Sewing Project Sponsored in Zambia
Life is never easy for a single mom. But being a single mom with AIDS in Zambia, Africa is extremely difficult. Eliness Nzima knows all about it.
In her early thirties, Eliness is a trained tailor but has not managed to procure work. Jobs are always very difficult to come by in Zambia. But she feels her open acknowledgement of AIDS is a deterrent to future employers. The stigma of AIDS is truly very strong in Zambia. Far too many people, even very well educated ones, will not go for testing for fear of the results. Many lose their jobs, their friends, their families when they openly declare they are positive.
AIDS has severely devasted Eliness’ family. Two of her sisters have already died of AIDS (her last sister died a few months ago of pneumonia and meningitis). Eliness is passionate about fighting the disease. She is often at the local AIDS counselling center encouraging others in their fight against the disease. She wrestles with them to go for testing to know their status so they can save their lives and that of others.
When I met Eliness she had no way of earning an income. Living with her mother, sister and daughter, she was anxious to find employment. I asked her to set up a business plan for a tailoring business. The Cecil Lake WI was quick to provide the loan of Cdn $500.00 needed to purchase a sewing machine, an overlock machine, sewing materials and fabric to start on the first projects. Eliness had been strongly recommended to me by a long standing friend who worked with women’s community development projects and had been supporting Eliness with training and counsel for some years.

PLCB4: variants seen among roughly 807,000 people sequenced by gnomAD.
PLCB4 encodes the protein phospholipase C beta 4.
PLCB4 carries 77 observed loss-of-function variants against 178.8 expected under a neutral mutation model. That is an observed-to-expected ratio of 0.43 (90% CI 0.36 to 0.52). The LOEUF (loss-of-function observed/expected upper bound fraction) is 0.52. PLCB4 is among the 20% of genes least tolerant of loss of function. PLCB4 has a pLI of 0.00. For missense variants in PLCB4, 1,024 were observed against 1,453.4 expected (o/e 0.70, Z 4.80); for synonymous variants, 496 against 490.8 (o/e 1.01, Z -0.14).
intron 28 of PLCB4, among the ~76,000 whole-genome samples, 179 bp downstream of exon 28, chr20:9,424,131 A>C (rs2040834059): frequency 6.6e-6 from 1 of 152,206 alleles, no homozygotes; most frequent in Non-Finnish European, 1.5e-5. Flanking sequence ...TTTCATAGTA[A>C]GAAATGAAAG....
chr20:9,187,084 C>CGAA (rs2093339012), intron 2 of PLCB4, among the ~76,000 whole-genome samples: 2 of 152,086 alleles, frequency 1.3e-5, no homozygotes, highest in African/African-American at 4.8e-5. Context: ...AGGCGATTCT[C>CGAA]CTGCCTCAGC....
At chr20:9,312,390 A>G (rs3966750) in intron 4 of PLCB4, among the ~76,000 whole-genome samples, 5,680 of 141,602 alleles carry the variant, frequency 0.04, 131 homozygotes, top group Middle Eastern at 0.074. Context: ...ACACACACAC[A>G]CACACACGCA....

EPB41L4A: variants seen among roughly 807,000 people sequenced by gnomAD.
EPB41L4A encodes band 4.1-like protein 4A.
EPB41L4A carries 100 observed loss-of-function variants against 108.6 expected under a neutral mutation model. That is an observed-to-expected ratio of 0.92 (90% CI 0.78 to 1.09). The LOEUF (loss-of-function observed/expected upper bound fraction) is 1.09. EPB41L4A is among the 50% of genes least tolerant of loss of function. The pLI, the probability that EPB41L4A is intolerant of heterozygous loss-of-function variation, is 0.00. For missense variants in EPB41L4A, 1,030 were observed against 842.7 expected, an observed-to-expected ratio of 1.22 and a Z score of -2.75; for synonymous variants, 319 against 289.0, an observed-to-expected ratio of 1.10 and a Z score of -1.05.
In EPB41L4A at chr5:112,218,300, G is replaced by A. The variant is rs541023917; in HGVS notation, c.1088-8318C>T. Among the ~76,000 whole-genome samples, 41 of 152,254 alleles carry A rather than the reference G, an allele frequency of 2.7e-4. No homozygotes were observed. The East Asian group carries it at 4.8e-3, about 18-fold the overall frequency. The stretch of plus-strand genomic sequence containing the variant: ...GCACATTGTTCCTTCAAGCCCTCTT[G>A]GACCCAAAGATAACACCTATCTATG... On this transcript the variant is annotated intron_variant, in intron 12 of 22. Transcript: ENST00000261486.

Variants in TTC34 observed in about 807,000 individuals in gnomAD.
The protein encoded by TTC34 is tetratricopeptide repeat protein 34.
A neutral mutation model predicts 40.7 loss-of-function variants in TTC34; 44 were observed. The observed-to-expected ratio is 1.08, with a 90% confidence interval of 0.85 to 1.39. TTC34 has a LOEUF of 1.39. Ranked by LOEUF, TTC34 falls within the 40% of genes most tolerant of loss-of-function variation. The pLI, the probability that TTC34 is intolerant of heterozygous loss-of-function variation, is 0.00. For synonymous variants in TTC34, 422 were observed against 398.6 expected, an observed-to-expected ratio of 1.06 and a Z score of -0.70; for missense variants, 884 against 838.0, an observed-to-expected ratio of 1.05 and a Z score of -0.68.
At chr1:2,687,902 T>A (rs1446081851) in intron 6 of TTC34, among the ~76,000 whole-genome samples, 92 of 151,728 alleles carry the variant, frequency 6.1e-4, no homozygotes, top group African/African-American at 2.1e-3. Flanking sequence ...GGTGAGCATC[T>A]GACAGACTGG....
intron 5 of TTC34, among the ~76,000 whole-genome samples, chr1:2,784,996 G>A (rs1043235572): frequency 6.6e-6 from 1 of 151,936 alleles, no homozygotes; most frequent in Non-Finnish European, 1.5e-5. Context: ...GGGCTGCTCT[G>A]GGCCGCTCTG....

The Chimwemwe sewing business is operated by Eliness and her friend Alibess. Mrs. Nsama, a mature and accomplished tailor, helps them with the sewing. Joan, a retired social worker and community development worker, is their mentor for the overall project. Both women keep them accountable. As the loan is repaid, it will be passed on to other women who are in similar situations.
The girls began by sewing curtains, which they felt was a viable enterprise. Recently I received an email from Eliness, saying, “Business is a bit slow though we sold. We’ve been delayed by one customer though she has promised by Friday”. Customers who delay payment are sadly a very normal part of doing business in Zambia. Without payment from customers it is difficult to buy new materials.
But Eliness is confident. The loan has given her hope and opportunity. Even if the start is rocky and slow, she will not let herself be discouraged. “I now wake up in the middle of the night not because there is no food in the house but because I am happy I can work”.
Submitted by Marianne Stamm (annual short term worker with small farmers and women in Zambia), sister of Nor’ Pioneer Women’s Institute Member.
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